I think it's debatable whether either Hitler or Stalin saw themselves as good. They certainly wanted to be seen that way, because it helped maintain their power. I think the primary difference between them was that Stalin was more of an opportunist, whereas Hitler was a fanatic -- a true believer in his own nonsense. Hitler was possessed of an artistic temperament, and he didn't just want to win; he wanted to be perfect. Or else. Stalin, on the other hand, would in my opinion have been willing to don the swastika and become Hitler's under fuehrer of the East rather than lose all power and his life (something which Hitler perceived quite accurately). The clash between Hitler and Stalin can be seen as a clash between rational, purely opportunistic evil, and irrational, fanatical evil. Stalin's primary mistake (the biggest one he made) was in misjudging Hitler as a rationally evil man like himself. Thus, it was unimaginable that Hitler would act against his own interest and invade Russia. (There were many things Hitler did that were against his interest and driven by sheer fanaticism -- another was to put Jew killing ahead of Germany's military necessity.)

The idea that either man wanted to truly be "good" evinces not only an ignorance of history, but a John Lennon-like "Imagine" mindset. Are they forgetting that this had been tried and had failed by Chamberlain in Munich? Or don't they even know about Chamberlain and Munich?

The notion that man is good and humans are perfectible is contradicted by the endless killings of the bad ones by those determined to build a better world. Stalin was smart enough to know better than to believe in his bullshit. Hitler was in the end a true-believing fool. Both attracted hordes of mindless dupes who believed in "goodness," in benevolence, in altruism, so much that they were willing to become executioners in order to achieve a better world.

The problem with these observations is that by having discussed Hitler in the context of "them" -- that tough-to-define group of people who want to build a better world and will shove their damned better world down our collective throats -- I have run seriously afoul of Godwin's Law.

Hmmm....

Should I take it all back? Maybe go back and substitute Pol Pot and Torquemada?

Godwin forbid that I might offend.

Maybe the best way out of this mess is to remember the rule that in the future, everyone will be Hitler for 15 minutes.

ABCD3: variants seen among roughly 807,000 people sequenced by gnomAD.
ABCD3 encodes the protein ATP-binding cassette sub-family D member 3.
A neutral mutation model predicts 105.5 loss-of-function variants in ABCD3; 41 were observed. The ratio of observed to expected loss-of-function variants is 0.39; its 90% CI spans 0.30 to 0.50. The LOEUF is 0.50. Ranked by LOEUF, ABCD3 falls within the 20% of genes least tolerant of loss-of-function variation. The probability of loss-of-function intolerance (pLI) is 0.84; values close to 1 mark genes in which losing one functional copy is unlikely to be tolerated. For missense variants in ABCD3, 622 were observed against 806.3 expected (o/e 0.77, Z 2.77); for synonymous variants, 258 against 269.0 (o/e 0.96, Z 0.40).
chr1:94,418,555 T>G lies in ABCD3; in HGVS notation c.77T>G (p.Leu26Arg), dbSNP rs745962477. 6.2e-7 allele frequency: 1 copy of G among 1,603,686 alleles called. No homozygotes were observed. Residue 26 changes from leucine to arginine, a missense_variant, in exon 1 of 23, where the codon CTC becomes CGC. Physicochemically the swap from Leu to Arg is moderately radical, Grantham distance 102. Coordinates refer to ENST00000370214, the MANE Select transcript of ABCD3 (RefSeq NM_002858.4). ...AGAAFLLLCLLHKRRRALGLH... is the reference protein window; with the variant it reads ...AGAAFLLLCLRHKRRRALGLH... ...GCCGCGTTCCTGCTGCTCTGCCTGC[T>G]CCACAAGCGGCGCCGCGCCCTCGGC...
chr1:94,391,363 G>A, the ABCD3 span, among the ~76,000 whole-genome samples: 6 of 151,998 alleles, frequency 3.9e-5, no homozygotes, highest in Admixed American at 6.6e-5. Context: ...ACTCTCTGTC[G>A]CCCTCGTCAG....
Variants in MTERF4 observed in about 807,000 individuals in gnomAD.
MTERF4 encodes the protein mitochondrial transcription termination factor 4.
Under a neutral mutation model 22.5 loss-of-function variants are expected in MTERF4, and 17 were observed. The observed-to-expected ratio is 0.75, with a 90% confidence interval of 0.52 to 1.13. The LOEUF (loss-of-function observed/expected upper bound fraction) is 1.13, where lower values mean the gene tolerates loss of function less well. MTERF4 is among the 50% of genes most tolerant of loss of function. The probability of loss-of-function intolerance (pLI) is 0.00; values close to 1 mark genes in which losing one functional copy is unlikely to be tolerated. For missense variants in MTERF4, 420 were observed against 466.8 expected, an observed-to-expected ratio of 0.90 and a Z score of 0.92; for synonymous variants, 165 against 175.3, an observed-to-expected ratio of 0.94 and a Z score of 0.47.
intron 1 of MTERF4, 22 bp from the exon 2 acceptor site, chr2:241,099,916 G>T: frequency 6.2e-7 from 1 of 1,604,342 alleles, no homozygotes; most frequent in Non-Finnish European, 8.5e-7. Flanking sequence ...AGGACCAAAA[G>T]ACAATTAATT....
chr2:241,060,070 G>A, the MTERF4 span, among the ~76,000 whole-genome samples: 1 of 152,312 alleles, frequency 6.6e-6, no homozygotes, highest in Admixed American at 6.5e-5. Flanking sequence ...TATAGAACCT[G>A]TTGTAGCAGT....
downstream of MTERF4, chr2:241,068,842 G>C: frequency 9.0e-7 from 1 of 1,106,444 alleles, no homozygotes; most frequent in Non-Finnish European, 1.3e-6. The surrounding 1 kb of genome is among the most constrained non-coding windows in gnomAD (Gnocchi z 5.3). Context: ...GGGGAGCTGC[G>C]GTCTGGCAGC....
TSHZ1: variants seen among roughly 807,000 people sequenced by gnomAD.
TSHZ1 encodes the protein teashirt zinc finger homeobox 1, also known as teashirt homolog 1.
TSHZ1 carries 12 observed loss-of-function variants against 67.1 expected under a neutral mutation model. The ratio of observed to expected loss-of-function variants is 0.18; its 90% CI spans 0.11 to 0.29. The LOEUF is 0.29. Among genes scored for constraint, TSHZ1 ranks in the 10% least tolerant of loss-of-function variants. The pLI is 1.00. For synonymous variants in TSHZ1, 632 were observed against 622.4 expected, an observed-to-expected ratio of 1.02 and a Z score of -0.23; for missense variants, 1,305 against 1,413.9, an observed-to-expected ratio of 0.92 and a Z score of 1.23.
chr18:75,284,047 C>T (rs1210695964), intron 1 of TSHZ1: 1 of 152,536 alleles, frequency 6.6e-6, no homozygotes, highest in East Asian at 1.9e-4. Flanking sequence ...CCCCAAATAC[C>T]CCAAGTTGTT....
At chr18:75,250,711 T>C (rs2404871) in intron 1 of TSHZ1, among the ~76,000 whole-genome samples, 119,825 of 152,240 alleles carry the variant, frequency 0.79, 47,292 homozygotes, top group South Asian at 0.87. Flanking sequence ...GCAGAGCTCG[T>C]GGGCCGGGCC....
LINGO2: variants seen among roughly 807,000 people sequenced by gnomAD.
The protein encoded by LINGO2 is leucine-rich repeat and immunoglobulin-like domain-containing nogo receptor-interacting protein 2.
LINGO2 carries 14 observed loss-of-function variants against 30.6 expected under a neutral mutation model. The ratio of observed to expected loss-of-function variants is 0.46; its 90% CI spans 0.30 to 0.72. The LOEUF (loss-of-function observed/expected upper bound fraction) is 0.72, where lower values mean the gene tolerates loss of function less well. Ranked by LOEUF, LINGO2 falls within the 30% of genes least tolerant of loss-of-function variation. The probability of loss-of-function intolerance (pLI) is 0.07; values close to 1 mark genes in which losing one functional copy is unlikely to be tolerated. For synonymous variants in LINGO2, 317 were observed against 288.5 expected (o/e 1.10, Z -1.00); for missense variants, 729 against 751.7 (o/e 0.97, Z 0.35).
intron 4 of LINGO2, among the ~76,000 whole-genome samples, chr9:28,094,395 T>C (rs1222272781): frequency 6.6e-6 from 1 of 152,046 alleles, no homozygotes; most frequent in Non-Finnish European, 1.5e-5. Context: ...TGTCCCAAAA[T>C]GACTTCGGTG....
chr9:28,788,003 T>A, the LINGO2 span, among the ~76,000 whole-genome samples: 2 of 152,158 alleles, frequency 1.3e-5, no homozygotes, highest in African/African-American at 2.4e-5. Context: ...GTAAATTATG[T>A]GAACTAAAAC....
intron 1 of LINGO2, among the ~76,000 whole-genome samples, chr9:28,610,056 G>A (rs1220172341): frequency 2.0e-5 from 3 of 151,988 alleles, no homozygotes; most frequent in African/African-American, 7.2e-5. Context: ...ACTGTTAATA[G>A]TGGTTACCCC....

Nah, can't do that either. I'm already running the risk of trivializing the dark side. Guess I should have thought about that before attempting to grapple with the complexities of good and evil in a blog post.

(Hey, at least I tried to be good....)

UPDATE: This post by Dr. Helen makes me feel less guilty about my Godwin's Law violations (and Jonah Goldberg's Liberal Fascism looks very interesting.)

posted by Eric on 12.26.07 at 10:02 AM










Comments

Are they forgetting that this had been tried and had failed by Chamberlain in Munich?

I had just said nearly the same thing as Will Smith just the other day and I don't think that forgiveness or acting like Chamberlain flows from that.

What I said was that nobody thinks of themselves as a bad guy. Even Hitler thought he was doing good. As did Stalin.
But..... just because somebody thinks they're doing good doesn't mean they are or that you have to act as if they are. I'm more into results than intentions usually.

Have you read much Heinlein? I can't find it, but he had a quote about that, how you should realize that nobody thinks of themselves as the bad guy. It was an eyes wide open quote (typical of Heinlein), he said you don't have to agree with the guy or allow him to do what he wanted to do, but you could kill him without hate.

I read Heinlein when I was too young to understand people, but I've learned that, while he usually didn't get technology right, he always got people right.
And, while I've never killed my enemies (as much as I've had enemies), I have mostly been able to keep from hating them.
Except Arafat. There's one man I could really hate.

Veeshir   ·  December 26, 2007 2:32 PM

Excellent post, Eric. I especially like the subtle simile to Robert Bork's excreta.
Are you sure you're not a closet Objectivist?

Frank   ·  December 27, 2007 12:41 AM